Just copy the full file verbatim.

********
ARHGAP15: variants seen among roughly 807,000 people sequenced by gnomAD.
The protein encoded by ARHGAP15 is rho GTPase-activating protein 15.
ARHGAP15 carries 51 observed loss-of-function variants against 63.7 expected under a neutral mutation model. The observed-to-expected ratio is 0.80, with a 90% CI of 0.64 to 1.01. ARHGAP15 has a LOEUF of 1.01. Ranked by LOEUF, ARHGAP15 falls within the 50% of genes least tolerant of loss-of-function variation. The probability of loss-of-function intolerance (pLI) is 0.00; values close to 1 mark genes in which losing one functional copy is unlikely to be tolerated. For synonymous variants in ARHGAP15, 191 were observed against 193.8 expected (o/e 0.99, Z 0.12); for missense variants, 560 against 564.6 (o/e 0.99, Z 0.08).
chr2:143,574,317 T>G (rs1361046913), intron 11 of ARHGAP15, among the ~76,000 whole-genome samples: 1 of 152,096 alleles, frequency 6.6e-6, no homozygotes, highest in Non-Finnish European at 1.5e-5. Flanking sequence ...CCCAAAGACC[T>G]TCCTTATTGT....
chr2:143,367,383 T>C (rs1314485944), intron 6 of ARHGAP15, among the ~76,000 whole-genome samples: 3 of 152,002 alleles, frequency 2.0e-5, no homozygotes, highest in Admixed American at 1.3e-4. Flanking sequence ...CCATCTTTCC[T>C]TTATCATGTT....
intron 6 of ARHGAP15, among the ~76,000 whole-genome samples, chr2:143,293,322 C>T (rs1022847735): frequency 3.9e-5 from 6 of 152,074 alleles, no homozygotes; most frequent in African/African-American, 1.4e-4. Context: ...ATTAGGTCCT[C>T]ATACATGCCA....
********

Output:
ARHGAP15: variants seen among roughly 807,000 people sequenced by gnomAD.
The protein encoded by ARHGAP15 is rho GTPase-activating protein 15.
ARHGAP15 carries 51 observed loss-of-function variants against 63.7 expected under a neutral mutation model. The observed-to-expected ratio is 0.80, with a 90% CI of 0.64 to 1.01. ARHGAP15 has a LOEUF of 1.01. Ranked by LOEUF, ARHGAP15 falls within the 50% of genes least tolerant of loss-of-function variation. The probability of loss-of-function intolerance (pLI) is 0.00; values close to 1 mark genes in which losing one functional copy is unlikely to be tolerated. For synonymous variants in ARHGAP15, 191 were observed against 193.8 expected (o/e 0.99, Z 0.12); for missense variants, 560 against 564.6 (o/e 0.99, Z 0.08).
chr2:143,574,317 T>G (rs1361046913), intron 11 of ARHGAP15, among the ~76,000 whole-genome samples: 1 of 152,096 alleles, frequency 6.6e-6, no homozygotes, highest in Non-Finnish European at 1.5e-5. Flanking sequence ...CCCAAAGACC[T>G]TCCTTATTGT....
chr2:143,367,383 T>C (rs1314485944), intron 6 of ARHGAP15, among the ~76,000 whole-genome samples: 3 of 152,002 alleles, frequency 2.0e-5, no homozygotes, highest in Admixed American at 1.3e-4. Flanking sequence ...CCATCTTTCC[T>C]TTATCATGTT....
intron 6 of ARHGAP15, among the ~76,000 whole-genome samples, chr2:143,293,322 C>T (rs1022847735): frequency 3.9e-5 from 6 of 152,074 alleles, no homozygotes; most frequent in African/African-American, 1.4e-4. Context: ...ATTAGGTCCT[C>T]ATACATGCCA....